During World War II, another health care development emerged: employer-paid health insurance, when the federal government instituted wage controls and companies began looking to provide non-cash benefits to compensate their employees. The IRS ruled employer-paid health insurance was a tax-deductible business expense, which made it attractive for employers to offer. Working Americans began to take the plans their employers provided, which sometimes meant Americans did not search for the most cost-effective plan. Additionally, subsidies for employers often destabilize the individual market.
Government became involved in health care during the 1960s, when President Johnson signed the bill that led to the introduction of Medicare and Medicaid; these programs had a structure similar to that of Blue Cross, but since the government was making the payments, health care providers were pleased because even more people could afford medical care. This also gave state governments the ability to influence policy decisions at hospitals, many of which were political rather than economic.
The highly controversial 2010 Affordable Care Act (also known as the “ACA” or “Obamacare”) resulted in even greater government involvement in the health care system. The ACA allowed millions of Americans to purchase health insurance via new government exchanges or obtain coverage through Medicaid. Through the act, the government also introduced subsidies for people with annual incomes below 400 percent of the poverty line to offset the costs of insurance premiums for plans available on the state exchanges.
All of these developments in health care came with a price tag: In 1930, Americans spent $2.8 billion on health care, approximately $23 per person and 3.5% of GDP. In 2020, that figure was $4.1 trillion —$12,530 per person and 19.7% of GDP. Adjusted for inflation, per capita medical costs in the U.S. are now over 30 times higher than they were 90 years ago. Costs for 2021 are projected to total $4.3 trillion, although government spending as a portion of overall health spending is projected to decline from its pandemic high.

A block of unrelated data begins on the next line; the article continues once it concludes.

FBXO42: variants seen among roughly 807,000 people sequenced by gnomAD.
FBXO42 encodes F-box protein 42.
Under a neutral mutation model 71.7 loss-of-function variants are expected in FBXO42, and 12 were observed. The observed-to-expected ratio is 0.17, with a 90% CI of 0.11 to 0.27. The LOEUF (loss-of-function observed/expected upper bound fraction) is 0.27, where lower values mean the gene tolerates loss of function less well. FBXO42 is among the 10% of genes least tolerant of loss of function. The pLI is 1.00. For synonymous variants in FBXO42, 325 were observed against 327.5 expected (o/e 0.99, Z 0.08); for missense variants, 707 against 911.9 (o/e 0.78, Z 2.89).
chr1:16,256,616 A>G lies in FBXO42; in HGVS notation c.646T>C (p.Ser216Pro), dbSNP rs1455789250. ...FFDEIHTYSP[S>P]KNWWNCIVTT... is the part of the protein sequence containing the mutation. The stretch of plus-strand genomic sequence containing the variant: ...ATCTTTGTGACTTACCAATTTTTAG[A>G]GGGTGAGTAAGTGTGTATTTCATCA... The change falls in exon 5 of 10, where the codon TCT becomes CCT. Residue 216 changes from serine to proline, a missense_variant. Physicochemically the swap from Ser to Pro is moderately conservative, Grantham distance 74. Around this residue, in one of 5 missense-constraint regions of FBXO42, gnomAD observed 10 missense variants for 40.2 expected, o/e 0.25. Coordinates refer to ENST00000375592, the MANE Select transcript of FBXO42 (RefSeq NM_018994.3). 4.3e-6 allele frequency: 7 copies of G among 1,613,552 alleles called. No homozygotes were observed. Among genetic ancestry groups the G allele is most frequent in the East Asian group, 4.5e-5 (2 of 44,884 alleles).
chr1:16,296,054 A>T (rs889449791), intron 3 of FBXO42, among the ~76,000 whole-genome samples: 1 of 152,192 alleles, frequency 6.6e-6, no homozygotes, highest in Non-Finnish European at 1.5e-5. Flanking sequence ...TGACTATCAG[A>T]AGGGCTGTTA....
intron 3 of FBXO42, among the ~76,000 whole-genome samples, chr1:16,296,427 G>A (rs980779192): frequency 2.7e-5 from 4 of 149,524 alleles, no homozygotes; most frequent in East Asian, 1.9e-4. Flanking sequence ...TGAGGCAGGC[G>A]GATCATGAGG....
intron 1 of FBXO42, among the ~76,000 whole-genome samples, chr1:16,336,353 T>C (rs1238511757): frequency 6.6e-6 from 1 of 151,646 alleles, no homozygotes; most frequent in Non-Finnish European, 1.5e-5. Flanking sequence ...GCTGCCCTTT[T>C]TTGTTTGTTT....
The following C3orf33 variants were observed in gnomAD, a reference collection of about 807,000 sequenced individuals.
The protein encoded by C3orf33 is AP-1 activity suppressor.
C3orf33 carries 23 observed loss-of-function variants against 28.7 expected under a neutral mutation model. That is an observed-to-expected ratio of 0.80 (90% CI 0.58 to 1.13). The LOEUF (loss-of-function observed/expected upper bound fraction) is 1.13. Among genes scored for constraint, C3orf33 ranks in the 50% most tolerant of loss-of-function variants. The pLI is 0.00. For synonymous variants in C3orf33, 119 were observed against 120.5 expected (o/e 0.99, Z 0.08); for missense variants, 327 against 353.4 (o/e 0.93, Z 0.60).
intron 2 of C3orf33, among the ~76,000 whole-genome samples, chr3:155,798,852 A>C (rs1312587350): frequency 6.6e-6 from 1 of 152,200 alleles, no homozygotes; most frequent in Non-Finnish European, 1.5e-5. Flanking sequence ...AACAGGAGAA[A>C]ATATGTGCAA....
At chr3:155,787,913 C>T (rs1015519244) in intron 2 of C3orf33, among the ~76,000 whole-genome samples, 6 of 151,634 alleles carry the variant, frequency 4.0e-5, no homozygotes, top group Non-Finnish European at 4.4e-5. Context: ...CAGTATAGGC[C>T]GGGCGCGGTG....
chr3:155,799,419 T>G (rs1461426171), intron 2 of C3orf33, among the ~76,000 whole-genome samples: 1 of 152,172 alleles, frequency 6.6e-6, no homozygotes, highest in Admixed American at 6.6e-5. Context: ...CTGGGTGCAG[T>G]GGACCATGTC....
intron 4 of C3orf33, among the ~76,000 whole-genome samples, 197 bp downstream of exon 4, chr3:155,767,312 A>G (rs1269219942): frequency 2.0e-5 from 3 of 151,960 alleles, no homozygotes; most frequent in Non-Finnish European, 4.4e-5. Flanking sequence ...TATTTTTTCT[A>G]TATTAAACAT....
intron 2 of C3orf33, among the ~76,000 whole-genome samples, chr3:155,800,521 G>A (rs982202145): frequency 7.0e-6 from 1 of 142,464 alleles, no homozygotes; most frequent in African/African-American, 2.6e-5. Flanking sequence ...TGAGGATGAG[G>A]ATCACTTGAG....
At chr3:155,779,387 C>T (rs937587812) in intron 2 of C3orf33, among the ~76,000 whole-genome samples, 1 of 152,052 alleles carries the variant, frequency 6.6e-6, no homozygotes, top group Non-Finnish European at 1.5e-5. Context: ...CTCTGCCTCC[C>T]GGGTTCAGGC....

See this timeline from PBS for more on the history of U.S. health care, and this video for background on how the U.S. health care system works. Note the statistics in this video are out of date, but the overview of how the system functions is accurate (10 min):
Where do Americans get insurance?
For the most part, the U.S. has a third-party payer system, meaning health insurance plans (third parties) reimburse doctors for costs of services provided to patients. There are both public and private programs available to Americans.
In 2021, 39.5% of Americans had public healthcare coverage. Adults age 65 and over were the most likely to have public coverage (96%). The four major public healthcare programs are Medicaid, Medicare, the military health system, and the health system offered by the Department of Veterans Affairs. These four programs provide healthcare for seniors, low-income Americans, members of the military, and veterans, respectively.
Medicaid includes coverage by Medicaid, Medical Assistance, and Children’s Health Insurance Plan (CHIP). Medicaid is a state-run program, jointly financed by state and federal funds, that serves about 58 million lower-income U.S. residents. To receive federal funding, state Medicaid programs must cover children in families below 138% of the federal poverty line, pregnant women and children in families below 138% of the federal poverty line, as well as seniors and people with disabilities who receive SSI benefits through Social Security. About ten million low-income seniors and people with disabilities qualify for both Medicare and Medicaid. CHIP is similar to Medicaid in structure but is specifically for children.
Medicare includes coverage by Medicare and Medicare Advantage and is the largest federal health care program that serves almost 60 million elderly and disabled people in the U.S.. There are four parts of Medicare:
- Part A (Hospital) pays for your care in a hospital, skilled nursing facility, nursing home (as long as it’s not just for custodial care), hospice and certain types of home health services.